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sequent failure to contact the Illinois officer at the time agreed upon. So, Bienville, anxious to remove such a stain from his long record of service, planned to make a new campaign as soon as possible. In the meantime the Chickasaw were being harassed from the north and from the south by the French Indian allies.

Early in 1738, Bienville found the Choctaw and their allies growing weary of the war, and it was rumored that they had begun to negotiate with the Chickasaw for a cessation of hostilities. To checkmate this movement the Governor planned to renew the struggle in the following year by collecting an overwhelming force of French and Indians which would finally crush the Chickasaw power. Assured of troops from France for this undertaking, he also got the Canadian Governor to gather a large force of both French and savages.8 The rendezvous agreed upon was at Fort L'Assomption on the Mississippi and the time fixed as the autumn of 1739.9

By June, 1739, the Canadians were ready; the expedition under the command of Baron Longueuil left in that month for Lake Erie. Second in command was the Sieur de Celoron, commandant at Michilimakinac, who had brought down to Montreal a large force of Ottawa and Nepissing.10 The entire Canadian force numbered 442 men. In passing by the south shore of Lake Ontario, however, about seventy of the Abenaki and some of the Iroquois, influenced by brandy procured at Oswego, deserted.11 Additional

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Indians to replace these were probably enlisted as the expedition made its way down the Ohio river. Leaving Lake Erie early in August, the expedition made its way over the portage to the headwaters of the Allegheny and thence down to the Ohio over the same route to be followed by Celoron's Ohio expedition a decade later. Thus set forth the Canadian party for revenge on the Chickasaw, the Cadet de Richarville who had been with Dartaguette on the disastrous campaign of 1736 accompanying the expedition with a special taste for that revenge.12

Bienville, after a very late start, left New Orleans in the middle of September with over a hundred French and Swiss soldiers and about eighty negroes.13 Misfortune dogged him from the start. By the time he had reached the settlement at La Pointe Coupee, a score or more of the men were sick, and the number increased as they advanced. Including delays at Natchez and at the Arkansas Post where several days were spent trading while heavy rains fell, it was November 13 when they reached the rendezvous. Longueuil and his force had arrived some time before. There, too, was La Buissoniere, the Illinois commandant, with his force of thirty-eight soldiers, forty-eight habitants, and two hundred savages. Bienville estimated the number of savages with Longueuil and others not counting this group from the Illinois at 550. The Governor found these savages impatient with the long delay, and he promised them that they should proceed against the enemy within three weeks. There had also been sent from the Illinois about one hundred and fifty head of cattle and fifty horses, while more horses were gathered from the settlements below. Flour and bacon were also sent from the Illinois.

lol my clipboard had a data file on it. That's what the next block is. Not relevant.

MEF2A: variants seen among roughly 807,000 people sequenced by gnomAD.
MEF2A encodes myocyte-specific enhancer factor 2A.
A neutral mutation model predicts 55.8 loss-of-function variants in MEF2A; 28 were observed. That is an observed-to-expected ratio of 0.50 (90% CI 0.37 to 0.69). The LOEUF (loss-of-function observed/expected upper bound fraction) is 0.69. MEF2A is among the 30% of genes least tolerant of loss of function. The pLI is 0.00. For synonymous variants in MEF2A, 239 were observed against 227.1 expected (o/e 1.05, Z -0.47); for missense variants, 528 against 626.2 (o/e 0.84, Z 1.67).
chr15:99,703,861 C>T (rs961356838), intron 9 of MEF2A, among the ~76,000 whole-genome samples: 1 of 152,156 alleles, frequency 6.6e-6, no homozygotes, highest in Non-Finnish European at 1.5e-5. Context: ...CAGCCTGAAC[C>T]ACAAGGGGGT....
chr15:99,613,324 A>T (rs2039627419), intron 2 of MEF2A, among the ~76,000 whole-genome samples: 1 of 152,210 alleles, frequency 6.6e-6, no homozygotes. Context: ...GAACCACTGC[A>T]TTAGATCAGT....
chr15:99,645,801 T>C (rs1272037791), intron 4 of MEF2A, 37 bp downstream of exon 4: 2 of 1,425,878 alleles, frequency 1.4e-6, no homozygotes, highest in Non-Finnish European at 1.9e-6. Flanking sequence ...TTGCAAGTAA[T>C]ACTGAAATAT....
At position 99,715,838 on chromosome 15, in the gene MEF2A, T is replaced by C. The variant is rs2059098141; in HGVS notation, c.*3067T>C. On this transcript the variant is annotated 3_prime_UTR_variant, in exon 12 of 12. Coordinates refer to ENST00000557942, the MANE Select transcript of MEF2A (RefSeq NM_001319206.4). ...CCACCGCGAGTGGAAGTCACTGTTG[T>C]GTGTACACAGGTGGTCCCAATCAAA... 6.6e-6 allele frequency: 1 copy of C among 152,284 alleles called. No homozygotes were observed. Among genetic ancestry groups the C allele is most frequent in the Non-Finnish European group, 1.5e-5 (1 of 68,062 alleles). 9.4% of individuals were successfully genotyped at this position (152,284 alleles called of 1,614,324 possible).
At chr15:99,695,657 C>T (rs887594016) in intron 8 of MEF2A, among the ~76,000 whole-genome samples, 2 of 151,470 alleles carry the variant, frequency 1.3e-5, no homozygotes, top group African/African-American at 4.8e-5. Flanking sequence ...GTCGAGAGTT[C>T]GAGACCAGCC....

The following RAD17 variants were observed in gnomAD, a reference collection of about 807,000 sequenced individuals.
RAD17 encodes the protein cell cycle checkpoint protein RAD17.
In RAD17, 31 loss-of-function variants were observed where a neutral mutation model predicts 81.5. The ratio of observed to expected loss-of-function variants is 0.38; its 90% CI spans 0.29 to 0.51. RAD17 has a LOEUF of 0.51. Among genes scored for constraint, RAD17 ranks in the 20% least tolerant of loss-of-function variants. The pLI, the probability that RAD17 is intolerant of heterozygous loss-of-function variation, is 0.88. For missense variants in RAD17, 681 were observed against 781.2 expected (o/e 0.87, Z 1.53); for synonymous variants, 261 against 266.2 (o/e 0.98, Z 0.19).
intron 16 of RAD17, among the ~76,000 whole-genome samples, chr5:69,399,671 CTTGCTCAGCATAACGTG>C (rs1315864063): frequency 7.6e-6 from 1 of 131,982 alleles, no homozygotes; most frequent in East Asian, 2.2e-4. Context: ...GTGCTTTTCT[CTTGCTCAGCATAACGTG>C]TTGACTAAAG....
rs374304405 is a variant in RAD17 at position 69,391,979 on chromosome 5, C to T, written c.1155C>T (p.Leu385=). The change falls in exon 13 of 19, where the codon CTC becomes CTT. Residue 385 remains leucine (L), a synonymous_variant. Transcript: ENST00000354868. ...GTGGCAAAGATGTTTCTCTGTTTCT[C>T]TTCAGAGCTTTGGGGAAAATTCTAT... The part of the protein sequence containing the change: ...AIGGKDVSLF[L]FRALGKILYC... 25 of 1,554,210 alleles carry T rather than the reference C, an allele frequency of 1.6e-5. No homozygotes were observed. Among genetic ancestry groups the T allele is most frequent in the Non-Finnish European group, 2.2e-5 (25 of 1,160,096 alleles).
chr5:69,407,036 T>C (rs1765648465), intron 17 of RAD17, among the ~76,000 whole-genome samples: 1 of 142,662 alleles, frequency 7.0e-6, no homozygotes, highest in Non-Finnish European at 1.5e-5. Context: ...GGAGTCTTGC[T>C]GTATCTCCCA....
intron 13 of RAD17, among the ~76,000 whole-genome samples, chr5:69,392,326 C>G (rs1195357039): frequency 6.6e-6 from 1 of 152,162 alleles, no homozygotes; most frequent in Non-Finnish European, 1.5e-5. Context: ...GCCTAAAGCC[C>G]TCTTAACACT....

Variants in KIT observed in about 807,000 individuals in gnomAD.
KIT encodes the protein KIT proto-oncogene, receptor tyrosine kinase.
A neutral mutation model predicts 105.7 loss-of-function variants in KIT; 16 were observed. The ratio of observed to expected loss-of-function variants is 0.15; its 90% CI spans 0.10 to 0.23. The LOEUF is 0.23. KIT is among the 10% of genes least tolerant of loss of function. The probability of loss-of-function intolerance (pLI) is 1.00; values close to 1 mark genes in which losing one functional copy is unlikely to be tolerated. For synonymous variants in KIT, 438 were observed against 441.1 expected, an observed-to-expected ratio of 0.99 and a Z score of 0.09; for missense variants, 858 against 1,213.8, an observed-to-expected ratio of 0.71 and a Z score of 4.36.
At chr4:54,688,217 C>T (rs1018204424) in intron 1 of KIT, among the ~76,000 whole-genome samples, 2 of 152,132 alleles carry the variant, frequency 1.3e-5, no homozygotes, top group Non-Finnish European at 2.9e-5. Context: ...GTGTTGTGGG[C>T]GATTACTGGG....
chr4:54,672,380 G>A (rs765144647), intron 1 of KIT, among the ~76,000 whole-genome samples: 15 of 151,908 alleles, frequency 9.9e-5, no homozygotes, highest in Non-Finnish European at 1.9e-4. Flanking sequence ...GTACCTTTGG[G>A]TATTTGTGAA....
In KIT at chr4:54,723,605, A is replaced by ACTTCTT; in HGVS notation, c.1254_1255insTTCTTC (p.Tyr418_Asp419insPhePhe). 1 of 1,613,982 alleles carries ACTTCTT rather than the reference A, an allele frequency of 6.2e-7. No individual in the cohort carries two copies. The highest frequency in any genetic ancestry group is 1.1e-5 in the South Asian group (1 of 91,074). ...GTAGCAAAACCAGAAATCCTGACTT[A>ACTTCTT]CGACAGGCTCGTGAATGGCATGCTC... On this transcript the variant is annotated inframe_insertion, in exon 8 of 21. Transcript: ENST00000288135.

From the beginning Bienville showed indecision and lack of ability to plan a campaign. The force having been collected, the supplies were not all at hand, and the horses upon which the trans-

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port depended were either not yet arrived or else were starving for want of forage. Then, too, no plan of advance had been formed beforehand, and a force had to be sent out to lay out routes of transport into the Yazoo valley, which was flooded by the prevailing heavy rains. The weather continued to grow worse as the season advanced, and the sick list also increased. Worse than this, the men grew restless with inaction. When a drunk Canadian killed a Pottawatomi chief, serious trouble was narrowly averted. The lack of transport was ever the cause of the daily procrastination on the part of the leader. To carry food and military supplies for over a thousand French and negroes, not counting the Indian allies, was no easy task. Then, too, there was the artillery which Bienville had brought along to make a special impression on the Chickasaw.

At this juncture, Bienville seems to have concluded that negotiations would be a better way to end the war than making a campaign. By a party sent out in January under Ce'loron, he offered the enemy terms, seeking at the same time some knowledge of the terrain. The terms were briefly those which had been discussed at Mobile five years before,—that the Chickasaw were to agree to surrender or kill all the Natchez among them, and accept an alliance with the French. The Chickasaw naturally did not accept the French offer.